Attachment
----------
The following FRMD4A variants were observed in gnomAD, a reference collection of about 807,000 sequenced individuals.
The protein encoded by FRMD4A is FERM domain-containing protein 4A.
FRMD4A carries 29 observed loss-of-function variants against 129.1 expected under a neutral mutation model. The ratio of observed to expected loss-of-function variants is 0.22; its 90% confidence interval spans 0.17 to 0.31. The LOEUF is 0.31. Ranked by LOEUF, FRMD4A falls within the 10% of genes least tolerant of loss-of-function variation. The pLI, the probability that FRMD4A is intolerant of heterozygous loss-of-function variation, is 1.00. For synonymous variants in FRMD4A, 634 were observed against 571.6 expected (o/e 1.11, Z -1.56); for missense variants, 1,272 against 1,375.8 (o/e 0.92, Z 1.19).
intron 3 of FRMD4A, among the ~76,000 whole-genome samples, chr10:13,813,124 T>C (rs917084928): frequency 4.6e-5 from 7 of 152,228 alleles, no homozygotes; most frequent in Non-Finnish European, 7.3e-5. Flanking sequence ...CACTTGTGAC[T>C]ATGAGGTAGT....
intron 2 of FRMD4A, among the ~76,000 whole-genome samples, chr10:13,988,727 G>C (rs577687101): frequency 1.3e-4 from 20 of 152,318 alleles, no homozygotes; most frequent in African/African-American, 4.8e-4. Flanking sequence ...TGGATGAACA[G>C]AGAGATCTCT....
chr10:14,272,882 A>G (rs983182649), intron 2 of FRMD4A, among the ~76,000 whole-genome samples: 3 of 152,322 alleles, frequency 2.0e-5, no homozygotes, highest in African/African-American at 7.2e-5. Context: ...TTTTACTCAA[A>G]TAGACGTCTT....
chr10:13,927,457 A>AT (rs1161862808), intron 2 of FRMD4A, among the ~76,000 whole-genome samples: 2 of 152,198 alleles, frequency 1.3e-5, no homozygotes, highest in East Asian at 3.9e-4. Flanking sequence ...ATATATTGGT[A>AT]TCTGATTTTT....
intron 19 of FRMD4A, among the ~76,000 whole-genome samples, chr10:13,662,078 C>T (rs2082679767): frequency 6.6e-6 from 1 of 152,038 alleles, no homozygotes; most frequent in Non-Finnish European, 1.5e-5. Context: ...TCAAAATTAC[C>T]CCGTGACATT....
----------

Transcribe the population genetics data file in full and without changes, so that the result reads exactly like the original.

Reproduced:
The following FRMD4A variants were observed in gnomAD, a reference collection of about 807,000 sequenced individuals.
The protein encoded by FRMD4A is FERM domain-containing protein 4A.
FRMD4A carries 29 observed loss-of-function variants against 129.1 expected under a neutral mutation model. The ratio of observed to expected loss-of-function variants is 0.22; its 90% confidence interval spans 0.17 to 0.31. The LOEUF is 0.31. Ranked by LOEUF, FRMD4A falls within the 10% of genes least tolerant of loss-of-function variation. The pLI, the probability that FRMD4A is intolerant of heterozygous loss-of-function variation, is 1.00. For synonymous variants in FRMD4A, 634 were observed against 571.6 expected (o/e 1.11, Z -1.56); for missense variants, 1,272 against 1,375.8 (o/e 0.92, Z 1.19).
intron 3 of FRMD4A, among the ~76,000 whole-genome samples, chr10:13,813,124 T>C (rs917084928): frequency 4.6e-5 from 7 of 152,228 alleles, no homozygotes; most frequent in Non-Finnish European, 7.3e-5. Flanking sequence ...CACTTGTGAC[T>C]ATGAGGTAGT....
intron 2 of FRMD4A, among the ~76,000 whole-genome samples, chr10:13,988,727 G>C (rs577687101): frequency 1.3e-4 from 20 of 152,318 alleles, no homozygotes; most frequent in African/African-American, 4.8e-4. Flanking sequence ...TGGATGAACA[G>C]AGAGATCTCT....
chr10:14,272,882 A>G (rs983182649), intron 2 of FRMD4A, among the ~76,000 whole-genome samples: 3 of 152,322 alleles, frequency 2.0e-5, no homozygotes, highest in African/African-American at 7.2e-5. Context: ...TTTTACTCAA[A>G]TAGACGTCTT....
chr10:13,927,457 A>AT (rs1161862808), intron 2 of FRMD4A, among the ~76,000 whole-genome samples: 2 of 152,198 alleles, frequency 1.3e-5, no homozygotes, highest in East Asian at 3.9e-4. Flanking sequence ...ATATATTGGT[A>AT]TCTGATTTTT....
intron 19 of FRMD4A, among the ~76,000 whole-genome samples, chr10:13,662,078 C>T (rs2082679767): frequency 6.6e-6 from 1 of 152,038 alleles, no homozygotes; most frequent in Non-Finnish European, 1.5e-5. Context: ...TCAAAATTAC[C>T]CCGTGACATT....